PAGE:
Monthly Archives: January 2008

three lessons to young researchers from gang leader for a day

(Book available here.)

1. If you are going to test a survey in an obviously dangerous public housing project, do not have your first question be arguably the worst survey question I have ever seen. (here)

2. If you hear a person planning a drive-by shooting of another person, you are under a legal–as well as, some of us might add, ethical and moral–obligation to do something about it. (This lesson, according to the author, was not learned until four years had been spent doing fieldwork.) (here)

3. If you are told information by interviewees, you should not divulge that information to criminals you know already are extorting money from some of the interviewees. (here)

are we allowed to plug our stuff here?

To answer foodgirl‘s question: absolutely. To pull said plug from a long comment thread:

My dissertation is about the foie gras controversies in the US and France and looks at the nexus of movements, markets, and the state in defining morality and virtue. My other project was about ‘virtuous food’ movements – the connections and disjunctures between local food, organic food, and the Slow Food movement…That turned into a book chapter that is coming out next year in an edited volume: The Globalization of Food, edited by David Inglis (the editor of the new Cultural Sociology journal), and I’ve collaborated with two great folks at Kellogg (the business school) for an article on the grass-fed beef movement as the creation of a market out of a movement (forthcoming in ASQ).

Speaking of which, there was a local news story out here in sunny California today about slaughterhouses mistreating cows. Has my living with a vegan for many years led me to falsely believe this is commonplace, or is this one of those things where now that there’s some video of cow torture circulating, everyone is just pretending that this is aberrant behavior?

norm!

Belle Lettre asks me what the word “normative” means in sociology.  Norms figured heavily in my lecture on “Morals” just last week, so why not: Continue reading

where his mouth is

I’ve said it’s the great thing about prediction markets: either you can accept their implied probabilities as correct, or you can show that your disagreement is not just prattle by trying to make money off their “errors.” A friend of mine, “J.,” has been sulking around complaining that the rest of the world does not appear to apprehend what an especially bad matchup McCain versus Clinton is for the Democrats. Tonight he’s decided to take action, and he is attempting to allocate the entirety of his long-dormant intrade.com account on betting for the by-implication-underpriced Republican candidate to win in 2008.*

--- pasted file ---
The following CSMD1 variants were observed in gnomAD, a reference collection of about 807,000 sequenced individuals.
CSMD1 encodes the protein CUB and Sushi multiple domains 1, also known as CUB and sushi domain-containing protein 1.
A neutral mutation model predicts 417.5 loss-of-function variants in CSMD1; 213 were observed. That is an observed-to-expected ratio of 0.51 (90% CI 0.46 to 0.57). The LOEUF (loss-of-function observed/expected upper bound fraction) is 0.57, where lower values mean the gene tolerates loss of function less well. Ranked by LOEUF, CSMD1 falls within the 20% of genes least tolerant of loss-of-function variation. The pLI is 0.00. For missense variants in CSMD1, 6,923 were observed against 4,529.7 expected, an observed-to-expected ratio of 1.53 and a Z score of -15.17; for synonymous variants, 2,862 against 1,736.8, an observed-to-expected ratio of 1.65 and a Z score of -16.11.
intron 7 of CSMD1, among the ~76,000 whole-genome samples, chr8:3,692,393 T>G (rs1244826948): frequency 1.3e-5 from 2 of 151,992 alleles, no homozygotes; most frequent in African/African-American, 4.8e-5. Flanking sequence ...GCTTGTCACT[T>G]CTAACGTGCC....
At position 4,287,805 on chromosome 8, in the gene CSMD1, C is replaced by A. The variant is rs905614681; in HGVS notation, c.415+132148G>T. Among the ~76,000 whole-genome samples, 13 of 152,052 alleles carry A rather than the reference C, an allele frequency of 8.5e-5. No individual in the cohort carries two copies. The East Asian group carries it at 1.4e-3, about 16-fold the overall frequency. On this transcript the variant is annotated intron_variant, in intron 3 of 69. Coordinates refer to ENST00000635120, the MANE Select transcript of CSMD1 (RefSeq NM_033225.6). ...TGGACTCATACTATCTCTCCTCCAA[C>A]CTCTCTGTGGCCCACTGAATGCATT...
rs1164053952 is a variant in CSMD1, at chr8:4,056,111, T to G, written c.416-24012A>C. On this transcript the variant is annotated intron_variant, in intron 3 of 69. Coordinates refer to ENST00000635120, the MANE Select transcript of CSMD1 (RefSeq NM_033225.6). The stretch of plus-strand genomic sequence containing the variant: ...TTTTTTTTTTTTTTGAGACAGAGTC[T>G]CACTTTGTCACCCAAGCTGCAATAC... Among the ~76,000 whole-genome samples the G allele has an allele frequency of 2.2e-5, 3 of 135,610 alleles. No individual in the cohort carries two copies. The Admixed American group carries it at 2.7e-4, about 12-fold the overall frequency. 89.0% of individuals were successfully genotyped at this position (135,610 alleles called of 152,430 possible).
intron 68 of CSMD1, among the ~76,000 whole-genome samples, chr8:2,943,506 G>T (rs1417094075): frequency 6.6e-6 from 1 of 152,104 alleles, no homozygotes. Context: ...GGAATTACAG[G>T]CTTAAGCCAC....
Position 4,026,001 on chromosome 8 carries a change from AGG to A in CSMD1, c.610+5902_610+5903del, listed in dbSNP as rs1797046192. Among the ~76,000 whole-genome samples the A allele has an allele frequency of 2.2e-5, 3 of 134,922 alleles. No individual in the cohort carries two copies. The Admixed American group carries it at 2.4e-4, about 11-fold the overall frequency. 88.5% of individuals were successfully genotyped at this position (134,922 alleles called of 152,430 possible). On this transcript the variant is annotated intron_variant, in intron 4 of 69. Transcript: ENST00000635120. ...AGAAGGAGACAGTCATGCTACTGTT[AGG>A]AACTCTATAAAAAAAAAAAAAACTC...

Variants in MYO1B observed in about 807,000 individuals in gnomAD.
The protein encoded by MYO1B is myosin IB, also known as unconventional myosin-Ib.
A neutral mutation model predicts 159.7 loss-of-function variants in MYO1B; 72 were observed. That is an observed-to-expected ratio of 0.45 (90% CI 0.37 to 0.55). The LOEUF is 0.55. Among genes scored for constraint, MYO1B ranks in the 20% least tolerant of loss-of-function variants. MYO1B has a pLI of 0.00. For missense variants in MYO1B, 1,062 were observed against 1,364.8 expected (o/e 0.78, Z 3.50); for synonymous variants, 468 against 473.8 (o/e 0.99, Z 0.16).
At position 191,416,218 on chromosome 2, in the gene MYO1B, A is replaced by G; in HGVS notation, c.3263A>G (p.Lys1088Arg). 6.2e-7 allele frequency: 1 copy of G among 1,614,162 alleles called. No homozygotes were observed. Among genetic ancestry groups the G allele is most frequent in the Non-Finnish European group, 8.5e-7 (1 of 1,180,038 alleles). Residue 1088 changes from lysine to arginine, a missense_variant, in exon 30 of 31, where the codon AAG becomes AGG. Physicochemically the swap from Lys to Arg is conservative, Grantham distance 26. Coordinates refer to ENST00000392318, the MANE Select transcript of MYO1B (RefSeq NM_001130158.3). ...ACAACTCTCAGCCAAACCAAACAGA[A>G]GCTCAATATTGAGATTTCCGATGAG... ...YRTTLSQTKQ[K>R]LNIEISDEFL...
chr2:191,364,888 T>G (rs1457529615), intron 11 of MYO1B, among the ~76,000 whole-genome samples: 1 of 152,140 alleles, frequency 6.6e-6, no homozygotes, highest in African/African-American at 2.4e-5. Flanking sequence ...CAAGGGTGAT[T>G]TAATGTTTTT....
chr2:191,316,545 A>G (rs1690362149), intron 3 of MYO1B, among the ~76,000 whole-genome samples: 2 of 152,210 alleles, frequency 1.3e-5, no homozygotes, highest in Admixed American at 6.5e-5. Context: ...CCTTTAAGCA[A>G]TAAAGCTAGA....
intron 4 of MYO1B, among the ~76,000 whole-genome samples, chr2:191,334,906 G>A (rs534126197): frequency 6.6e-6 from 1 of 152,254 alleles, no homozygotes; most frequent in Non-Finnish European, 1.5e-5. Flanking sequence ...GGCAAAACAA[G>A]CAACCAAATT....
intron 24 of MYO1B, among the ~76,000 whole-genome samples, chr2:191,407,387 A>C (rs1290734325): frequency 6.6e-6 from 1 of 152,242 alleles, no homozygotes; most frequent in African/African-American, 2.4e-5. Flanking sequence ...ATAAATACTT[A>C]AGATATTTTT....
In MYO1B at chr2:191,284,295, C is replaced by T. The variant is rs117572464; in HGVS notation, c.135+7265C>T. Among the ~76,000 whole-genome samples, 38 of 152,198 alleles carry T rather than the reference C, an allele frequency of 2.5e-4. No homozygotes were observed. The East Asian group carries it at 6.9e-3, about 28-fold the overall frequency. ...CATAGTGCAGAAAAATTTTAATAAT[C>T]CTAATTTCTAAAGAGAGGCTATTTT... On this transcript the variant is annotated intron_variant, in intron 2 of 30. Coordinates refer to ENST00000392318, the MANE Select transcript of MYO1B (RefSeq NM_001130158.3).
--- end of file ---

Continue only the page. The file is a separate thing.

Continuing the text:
“J.” hopes he’s wrong. Indeed, he made money in 2004 on a dual bet that Bush would win the general election but Kerry would win Wisconsin. This did nothing to abate his desolation after Election Day. And, yet, he bets ‘em and he sees ‘em. Continue reading

race names 2: caucasian

I just went along with a major report that uses the word Caucasian throughout (along with African American). I personally hate the word Caucasian, I associate it with scientific racism*, it seems smarmy to me, it makes my skin crawl. But I know a lot of people use it if they think the color names (Black, White) are wrong, and I don’t want to get into dissing people about using a word in good faith just because I hate it. The proper parallel to African American is European American, which I also call myself, along with White. I did not say anything because we had way too many other things to worry about to bother with my dislike of this race name. So anyway, does anybody else care about this?

*Its origins are scientific racism, in the distinction between Caucasoid, Negroid and Mongoloid as the three main races. I’m not saying the people who use it today are racists, scientific or otherwise. They are just grasping for some word to use in uncertain terrain where the colors names are stigmatized and the continent names have not caught on for Whites. Why the name European American has not caught on tells you a lot about US race culture, but that is another story.

PS . This would be an example of why using a pseudonym is good, as I don’t want to hurt the feelings of the people who worked hard on the report using the race name I hate.

what ever happened to…

That idea of Jeremy’s where grad students ask questions about things they’ve heard about the discipline, the job market, navigating grad school, etc.? And then folks who’ve been around the block chime in and answer. Wasn’t that going to be a regular feature of this blog? I really liked the idea. It was first suggested here. This could be one of our niches in the sociology blogosphere. And I could list it as “service” for my reviews. We could call it our, “question of the week (or weak)”.